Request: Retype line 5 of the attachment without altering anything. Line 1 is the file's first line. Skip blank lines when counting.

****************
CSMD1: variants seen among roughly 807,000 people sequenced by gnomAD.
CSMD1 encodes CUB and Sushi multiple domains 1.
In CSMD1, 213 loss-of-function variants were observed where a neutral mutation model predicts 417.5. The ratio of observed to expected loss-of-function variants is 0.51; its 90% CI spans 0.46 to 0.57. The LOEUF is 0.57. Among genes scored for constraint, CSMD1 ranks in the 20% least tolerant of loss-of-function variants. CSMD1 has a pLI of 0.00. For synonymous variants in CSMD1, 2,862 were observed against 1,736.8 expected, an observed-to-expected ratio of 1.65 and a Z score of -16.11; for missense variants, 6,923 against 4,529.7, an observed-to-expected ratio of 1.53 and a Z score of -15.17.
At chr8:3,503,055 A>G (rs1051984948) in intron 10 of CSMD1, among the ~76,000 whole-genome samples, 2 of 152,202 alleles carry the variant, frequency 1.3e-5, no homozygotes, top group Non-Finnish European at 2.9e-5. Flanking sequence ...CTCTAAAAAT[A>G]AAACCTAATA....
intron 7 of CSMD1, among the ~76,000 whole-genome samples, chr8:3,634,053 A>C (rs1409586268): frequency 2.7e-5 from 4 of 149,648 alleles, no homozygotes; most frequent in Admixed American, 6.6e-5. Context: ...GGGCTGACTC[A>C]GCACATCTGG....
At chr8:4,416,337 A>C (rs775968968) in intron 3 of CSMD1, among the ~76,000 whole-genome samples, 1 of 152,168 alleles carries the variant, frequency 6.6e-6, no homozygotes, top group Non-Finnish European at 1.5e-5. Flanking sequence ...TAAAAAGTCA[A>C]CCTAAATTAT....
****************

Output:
intron 7 of CSMD1, among the ~76,000 whole-genome samples, chr8:3,634,053 A>C (rs1409586268): frequency 2.7e-5 from 4 of 149,648 alleles, no homozygotes; most frequent in Admixed American, 6.6e-5. Context: ...GGGCTGACTC[A>C]GCACATCTGG....